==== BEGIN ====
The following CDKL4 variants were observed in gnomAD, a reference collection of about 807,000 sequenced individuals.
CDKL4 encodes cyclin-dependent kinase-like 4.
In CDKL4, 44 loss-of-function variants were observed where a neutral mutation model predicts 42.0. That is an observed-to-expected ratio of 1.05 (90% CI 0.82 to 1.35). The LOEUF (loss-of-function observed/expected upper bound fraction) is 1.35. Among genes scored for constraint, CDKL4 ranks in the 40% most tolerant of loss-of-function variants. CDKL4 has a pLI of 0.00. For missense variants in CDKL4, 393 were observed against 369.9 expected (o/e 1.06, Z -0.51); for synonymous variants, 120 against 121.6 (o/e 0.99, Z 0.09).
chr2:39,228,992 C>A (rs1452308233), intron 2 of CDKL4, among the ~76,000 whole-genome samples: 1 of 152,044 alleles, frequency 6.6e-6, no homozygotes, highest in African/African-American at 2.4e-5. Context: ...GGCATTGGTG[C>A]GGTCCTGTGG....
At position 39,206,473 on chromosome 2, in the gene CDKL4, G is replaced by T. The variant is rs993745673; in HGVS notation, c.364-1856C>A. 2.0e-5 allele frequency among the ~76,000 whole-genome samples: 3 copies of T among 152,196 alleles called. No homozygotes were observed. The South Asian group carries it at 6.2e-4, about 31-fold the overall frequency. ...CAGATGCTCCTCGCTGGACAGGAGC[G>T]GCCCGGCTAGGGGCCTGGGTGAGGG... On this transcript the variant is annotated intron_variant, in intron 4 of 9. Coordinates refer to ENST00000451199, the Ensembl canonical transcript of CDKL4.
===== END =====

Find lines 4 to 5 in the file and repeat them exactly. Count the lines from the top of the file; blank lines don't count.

chr2:39,228,992 C>A (rs1452308233), intron 2 of CDKL4, among the ~76,000 whole-genome samples: 1 of 152,044 alleles, frequency 6.6e-6, no homozygotes, highest in African/African-American at 2.4e-5. Context: ...GGCATTGGTG[C>A]GGTCCTGTGG....
At position 39,206,473 on chromosome 2, in the gene CDKL4, G is replaced by T. The variant is rs993745673; in HGVS notation, c.364-1856C>A. 2.0e-5 allele frequency among the ~76,000 whole-genome samples: 3 copies of T among 152,196 alleles called. No homozygotes were observed. The South Asian group carries it at 6.2e-4, about 31-fold the overall frequency. ...CAGATGCTCCTCGCTGGACAGGAGC[G>T]GCCCGGCTAGGGGCCTGGGTGAGGG... On this transcript the variant is annotated intron_variant, in intron 4 of 9. Coordinates refer to ENST00000451199, the Ensembl canonical transcript of CDKL4.